“Is that all of you?” Jena asked. “She’s awfully big for just four of you to handle.”
“We know her weak spots,” Thibodeau answered, “and the Pteros will mount an assault from the front shortly. Luedtke witnessed your opening of this door and has just flown over the mountain to co-ordinate the Ptero attack. Idris,” Thibodeau spoke to the Mag immediately behind it, “you will attack her belly. I shall attack her eyes. Becca-ree, you back me up. If I fall, keep attacking her eyes. They are her weakest spot. Chorlton, you attack wherever you spot a weakness. Keep her busy until the Pteros break through. Courage, my friends. We shall prevail.”
The four Mags squeezed through the dark passageway. Despite Thibodeau’s warning, and Susi’s frantic hissing of her name, Jena went after them. As she followed Chorlton’s tail down the passage it occurred to her that she was doing exactly the same thing that Lizzie had done earlier. Was she putting herself in danger in the same way? If so, it could not be helped. She simply had to witness what was about to happen. The next few minutes could change the world. She stood just inside the passage entrance as the four Mags positioned themselves around the dozing Pinophyte. After a few moments Susi joined her.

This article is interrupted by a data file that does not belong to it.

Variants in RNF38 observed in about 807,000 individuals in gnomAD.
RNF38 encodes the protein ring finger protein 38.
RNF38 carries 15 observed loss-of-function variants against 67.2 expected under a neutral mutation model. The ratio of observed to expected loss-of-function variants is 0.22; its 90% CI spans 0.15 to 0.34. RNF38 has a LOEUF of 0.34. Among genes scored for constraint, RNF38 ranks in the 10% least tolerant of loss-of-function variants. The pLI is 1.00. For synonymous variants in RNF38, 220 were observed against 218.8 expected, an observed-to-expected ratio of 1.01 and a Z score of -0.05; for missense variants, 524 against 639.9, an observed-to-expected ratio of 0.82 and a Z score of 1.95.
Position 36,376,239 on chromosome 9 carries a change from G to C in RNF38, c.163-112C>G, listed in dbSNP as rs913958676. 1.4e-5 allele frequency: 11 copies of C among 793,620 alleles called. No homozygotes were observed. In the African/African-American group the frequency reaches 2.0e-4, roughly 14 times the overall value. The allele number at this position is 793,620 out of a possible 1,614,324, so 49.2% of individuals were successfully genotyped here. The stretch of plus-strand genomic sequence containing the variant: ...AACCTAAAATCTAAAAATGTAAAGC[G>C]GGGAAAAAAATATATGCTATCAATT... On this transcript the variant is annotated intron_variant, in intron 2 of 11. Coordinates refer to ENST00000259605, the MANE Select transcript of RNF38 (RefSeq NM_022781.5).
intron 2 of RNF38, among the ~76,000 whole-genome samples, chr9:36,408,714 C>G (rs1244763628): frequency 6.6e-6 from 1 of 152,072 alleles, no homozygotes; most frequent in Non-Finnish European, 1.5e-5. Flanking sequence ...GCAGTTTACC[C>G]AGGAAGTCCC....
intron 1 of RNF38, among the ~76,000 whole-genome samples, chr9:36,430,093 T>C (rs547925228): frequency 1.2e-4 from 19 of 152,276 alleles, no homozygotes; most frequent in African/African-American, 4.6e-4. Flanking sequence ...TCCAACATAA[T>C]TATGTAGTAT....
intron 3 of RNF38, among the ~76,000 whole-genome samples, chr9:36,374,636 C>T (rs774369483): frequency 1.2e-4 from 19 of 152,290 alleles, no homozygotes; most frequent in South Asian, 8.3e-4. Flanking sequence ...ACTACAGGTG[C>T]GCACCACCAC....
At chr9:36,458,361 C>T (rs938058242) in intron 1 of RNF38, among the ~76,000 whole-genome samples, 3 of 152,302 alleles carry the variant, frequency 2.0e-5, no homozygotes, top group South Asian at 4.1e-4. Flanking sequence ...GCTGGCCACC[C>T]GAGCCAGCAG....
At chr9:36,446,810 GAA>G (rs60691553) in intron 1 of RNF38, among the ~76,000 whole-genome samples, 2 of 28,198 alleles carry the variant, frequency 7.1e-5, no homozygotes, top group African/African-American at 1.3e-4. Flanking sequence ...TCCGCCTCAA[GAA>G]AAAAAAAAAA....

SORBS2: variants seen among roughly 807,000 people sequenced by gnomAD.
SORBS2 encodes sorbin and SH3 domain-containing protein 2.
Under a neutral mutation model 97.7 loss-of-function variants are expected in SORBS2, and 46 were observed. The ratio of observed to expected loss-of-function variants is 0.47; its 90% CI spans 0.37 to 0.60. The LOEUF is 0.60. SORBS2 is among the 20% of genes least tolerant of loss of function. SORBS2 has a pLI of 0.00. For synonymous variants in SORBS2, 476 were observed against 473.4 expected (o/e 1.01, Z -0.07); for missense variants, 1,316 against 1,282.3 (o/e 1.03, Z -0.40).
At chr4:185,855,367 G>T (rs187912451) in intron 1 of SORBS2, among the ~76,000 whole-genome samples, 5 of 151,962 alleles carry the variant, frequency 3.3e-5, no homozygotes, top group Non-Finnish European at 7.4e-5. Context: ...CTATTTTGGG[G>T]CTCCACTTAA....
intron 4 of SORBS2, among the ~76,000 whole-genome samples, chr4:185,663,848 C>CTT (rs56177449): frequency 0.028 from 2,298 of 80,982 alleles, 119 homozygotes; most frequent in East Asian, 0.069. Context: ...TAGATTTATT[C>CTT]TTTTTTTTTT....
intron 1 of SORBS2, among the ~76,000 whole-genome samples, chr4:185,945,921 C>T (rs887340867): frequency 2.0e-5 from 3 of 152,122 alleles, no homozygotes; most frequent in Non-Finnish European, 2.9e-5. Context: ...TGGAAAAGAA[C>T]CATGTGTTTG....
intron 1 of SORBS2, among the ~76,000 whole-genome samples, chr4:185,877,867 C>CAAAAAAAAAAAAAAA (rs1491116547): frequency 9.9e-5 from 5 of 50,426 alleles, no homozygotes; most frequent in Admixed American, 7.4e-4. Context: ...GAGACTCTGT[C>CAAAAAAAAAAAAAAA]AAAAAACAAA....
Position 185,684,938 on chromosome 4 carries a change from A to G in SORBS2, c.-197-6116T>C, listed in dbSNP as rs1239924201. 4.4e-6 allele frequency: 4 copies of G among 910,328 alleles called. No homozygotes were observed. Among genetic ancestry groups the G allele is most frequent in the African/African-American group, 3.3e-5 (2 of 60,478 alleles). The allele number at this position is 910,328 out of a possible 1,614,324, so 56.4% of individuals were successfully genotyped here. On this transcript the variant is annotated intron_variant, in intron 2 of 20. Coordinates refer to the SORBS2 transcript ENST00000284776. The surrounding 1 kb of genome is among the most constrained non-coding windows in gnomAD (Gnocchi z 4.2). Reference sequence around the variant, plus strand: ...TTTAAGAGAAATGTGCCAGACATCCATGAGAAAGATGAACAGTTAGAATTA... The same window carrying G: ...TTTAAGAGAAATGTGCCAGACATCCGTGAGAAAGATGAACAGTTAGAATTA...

Thibodeau glanced at its companions. Receiving three nods, it leaped high into the air, extended its claws and crashed down onto Daf’q’s head, sinking those thorny claws deep beneath her woody skin. At the same time Idris raked its rear feet down Daf’q’s belly, close to the rear leg, dislodging wooded scales that scattered across the floor. Becca-ree and Chorlton tore at the Queen’s wings.